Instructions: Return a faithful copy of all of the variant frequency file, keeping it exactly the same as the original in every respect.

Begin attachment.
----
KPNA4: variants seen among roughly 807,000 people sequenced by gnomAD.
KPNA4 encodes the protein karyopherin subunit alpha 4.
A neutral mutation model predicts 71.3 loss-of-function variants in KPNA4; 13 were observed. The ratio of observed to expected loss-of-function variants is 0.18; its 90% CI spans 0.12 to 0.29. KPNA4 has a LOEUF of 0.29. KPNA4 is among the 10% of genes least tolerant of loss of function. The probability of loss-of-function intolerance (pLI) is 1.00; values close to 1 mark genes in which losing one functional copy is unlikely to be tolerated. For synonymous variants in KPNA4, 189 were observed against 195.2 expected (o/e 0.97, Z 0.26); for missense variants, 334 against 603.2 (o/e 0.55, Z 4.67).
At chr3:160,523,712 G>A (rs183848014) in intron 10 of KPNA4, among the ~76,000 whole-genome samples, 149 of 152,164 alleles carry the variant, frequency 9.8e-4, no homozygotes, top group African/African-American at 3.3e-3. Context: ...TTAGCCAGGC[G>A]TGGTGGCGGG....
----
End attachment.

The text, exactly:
KPNA4: variants seen among roughly 807,000 people sequenced by gnomAD.
KPNA4 encodes the protein karyopherin subunit alpha 4.
A neutral mutation model predicts 71.3 loss-of-function variants in KPNA4; 13 were observed. The ratio of observed to expected loss-of-function variants is 0.18; its 90% CI spans 0.12 to 0.29. KPNA4 has a LOEUF of 0.29. KPNA4 is among the 10% of genes least tolerant of loss of function. The probability of loss-of-function intolerance (pLI) is 1.00; values close to 1 mark genes in which losing one functional copy is unlikely to be tolerated. For synonymous variants in KPNA4, 189 were observed against 195.2 expected (o/e 0.97, Z 0.26); for missense variants, 334 against 603.2 (o/e 0.55, Z 4.67).
At chr3:160,523,712 G>A (rs183848014) in intron 10 of KPNA4, among the ~76,000 whole-genome samples, 149 of 152,164 alleles carry the variant, frequency 9.8e-4, no homozygotes, top group African/African-American at 3.3e-3. Context: ...TTAGCCAGGC[G>A]TGGTGGCGGG....